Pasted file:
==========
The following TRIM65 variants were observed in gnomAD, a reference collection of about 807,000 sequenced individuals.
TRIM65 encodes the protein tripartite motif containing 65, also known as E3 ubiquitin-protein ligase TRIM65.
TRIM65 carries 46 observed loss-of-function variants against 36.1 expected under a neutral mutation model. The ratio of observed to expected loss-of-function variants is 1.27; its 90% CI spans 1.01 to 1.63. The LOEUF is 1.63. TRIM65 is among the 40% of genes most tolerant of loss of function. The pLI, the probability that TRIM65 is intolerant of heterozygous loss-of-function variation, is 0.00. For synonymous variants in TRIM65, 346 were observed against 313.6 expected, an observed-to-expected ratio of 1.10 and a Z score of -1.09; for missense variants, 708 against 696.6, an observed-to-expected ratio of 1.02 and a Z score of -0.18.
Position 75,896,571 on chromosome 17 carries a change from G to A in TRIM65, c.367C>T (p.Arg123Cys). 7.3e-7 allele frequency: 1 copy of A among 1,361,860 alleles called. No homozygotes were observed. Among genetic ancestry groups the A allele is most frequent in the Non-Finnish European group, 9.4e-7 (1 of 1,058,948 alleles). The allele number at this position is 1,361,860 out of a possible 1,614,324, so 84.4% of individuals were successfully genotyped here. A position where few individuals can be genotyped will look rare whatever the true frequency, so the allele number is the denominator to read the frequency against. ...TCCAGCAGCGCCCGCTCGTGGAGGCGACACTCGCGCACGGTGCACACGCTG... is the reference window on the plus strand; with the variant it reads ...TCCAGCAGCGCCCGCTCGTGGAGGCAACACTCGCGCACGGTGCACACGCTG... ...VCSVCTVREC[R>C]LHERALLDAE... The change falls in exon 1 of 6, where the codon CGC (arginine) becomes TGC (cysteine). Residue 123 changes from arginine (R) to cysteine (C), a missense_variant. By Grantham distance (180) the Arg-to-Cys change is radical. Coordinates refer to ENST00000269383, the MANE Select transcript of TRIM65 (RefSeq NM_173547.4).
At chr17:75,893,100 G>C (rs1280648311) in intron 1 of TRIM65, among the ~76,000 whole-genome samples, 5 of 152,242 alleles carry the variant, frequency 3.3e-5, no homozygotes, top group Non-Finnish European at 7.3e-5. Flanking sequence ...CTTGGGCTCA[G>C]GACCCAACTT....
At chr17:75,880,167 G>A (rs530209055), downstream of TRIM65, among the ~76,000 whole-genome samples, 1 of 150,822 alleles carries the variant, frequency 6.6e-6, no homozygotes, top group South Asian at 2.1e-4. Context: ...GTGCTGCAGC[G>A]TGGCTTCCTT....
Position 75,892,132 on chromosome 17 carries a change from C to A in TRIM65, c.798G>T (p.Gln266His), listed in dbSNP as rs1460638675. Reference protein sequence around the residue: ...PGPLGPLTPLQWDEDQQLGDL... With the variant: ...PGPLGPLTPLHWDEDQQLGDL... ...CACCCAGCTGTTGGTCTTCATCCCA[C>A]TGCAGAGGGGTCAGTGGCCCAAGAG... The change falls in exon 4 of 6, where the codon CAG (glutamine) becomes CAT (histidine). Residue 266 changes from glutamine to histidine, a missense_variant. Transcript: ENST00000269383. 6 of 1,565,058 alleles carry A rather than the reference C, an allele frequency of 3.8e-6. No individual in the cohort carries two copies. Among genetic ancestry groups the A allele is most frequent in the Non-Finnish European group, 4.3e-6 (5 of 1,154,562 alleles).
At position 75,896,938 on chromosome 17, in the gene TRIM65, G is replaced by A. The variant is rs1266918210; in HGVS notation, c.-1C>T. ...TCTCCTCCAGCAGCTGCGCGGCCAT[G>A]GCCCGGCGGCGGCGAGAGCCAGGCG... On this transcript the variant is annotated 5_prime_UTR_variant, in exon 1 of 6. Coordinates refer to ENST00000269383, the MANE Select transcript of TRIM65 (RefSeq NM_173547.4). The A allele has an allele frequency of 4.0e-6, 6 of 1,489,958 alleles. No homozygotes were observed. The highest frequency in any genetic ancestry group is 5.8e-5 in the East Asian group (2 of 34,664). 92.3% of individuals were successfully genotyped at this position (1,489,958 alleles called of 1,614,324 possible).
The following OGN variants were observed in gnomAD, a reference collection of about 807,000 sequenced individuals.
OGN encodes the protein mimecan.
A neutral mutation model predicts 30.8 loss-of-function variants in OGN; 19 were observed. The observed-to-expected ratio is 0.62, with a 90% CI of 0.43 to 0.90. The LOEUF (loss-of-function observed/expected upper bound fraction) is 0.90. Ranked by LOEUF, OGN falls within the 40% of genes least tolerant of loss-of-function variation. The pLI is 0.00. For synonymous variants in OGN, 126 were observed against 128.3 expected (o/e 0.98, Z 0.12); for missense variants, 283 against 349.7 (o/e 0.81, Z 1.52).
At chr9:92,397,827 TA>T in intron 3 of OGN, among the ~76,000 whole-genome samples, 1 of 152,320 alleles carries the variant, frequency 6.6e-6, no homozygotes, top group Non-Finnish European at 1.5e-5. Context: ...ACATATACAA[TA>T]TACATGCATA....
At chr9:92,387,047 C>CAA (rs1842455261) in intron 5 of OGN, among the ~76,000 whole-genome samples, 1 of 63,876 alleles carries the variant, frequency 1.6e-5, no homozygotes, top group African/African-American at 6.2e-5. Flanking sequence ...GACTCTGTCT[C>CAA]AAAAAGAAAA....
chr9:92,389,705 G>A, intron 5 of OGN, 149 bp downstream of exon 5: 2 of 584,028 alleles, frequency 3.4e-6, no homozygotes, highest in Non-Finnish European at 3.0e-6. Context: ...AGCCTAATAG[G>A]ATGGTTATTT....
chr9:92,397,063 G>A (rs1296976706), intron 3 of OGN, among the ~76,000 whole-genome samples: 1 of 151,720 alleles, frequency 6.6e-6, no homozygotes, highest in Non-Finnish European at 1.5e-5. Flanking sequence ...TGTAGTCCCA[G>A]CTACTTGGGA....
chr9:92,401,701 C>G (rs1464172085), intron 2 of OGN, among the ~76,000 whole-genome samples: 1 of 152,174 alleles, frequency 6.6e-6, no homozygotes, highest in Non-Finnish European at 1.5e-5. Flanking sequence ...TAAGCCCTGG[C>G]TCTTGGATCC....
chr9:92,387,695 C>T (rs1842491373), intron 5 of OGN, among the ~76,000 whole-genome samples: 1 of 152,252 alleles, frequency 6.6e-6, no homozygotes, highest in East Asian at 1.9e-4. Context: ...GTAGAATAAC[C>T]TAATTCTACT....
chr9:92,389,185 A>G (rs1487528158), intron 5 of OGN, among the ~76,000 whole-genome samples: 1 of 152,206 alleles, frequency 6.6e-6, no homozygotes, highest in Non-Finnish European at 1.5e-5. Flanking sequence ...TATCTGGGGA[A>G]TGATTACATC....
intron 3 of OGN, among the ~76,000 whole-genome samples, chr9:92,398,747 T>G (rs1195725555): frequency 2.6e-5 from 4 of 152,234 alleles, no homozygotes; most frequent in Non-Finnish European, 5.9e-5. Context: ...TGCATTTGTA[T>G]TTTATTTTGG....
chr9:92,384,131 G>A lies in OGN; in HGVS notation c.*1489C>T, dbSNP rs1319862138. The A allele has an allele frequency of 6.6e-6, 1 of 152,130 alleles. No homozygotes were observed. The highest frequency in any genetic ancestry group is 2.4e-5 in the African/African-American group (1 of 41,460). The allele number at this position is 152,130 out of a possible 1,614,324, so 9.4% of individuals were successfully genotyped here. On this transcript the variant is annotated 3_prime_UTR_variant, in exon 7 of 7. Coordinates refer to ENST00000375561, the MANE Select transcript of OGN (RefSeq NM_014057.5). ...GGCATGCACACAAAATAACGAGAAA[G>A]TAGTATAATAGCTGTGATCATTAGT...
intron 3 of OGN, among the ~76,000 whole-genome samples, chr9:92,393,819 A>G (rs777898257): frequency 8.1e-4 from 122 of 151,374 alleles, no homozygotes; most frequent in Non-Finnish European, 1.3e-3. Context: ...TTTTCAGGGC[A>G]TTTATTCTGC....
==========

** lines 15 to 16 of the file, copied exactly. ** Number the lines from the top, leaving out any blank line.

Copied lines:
chr9:92,397,063 G>A (rs1296976706), intron 3 of OGN, among the ~76,000 whole-genome samples: 1 of 151,720 alleles, frequency 6.6e-6, no homozygotes, highest in Non-Finnish European at 1.5e-5. Flanking sequence ...TGTAGTCCCA[G>A]CTACTTGGGA....
chr9:92,401,701 C>G (rs1464172085), intron 2 of OGN, among the ~76,000 whole-genome samples: 1 of 152,174 alleles, frequency 6.6e-6, no homozygotes, highest in Non-Finnish European at 1.5e-5. Flanking sequence ...TAAGCCCTGG[C>G]TCTTGGATCC....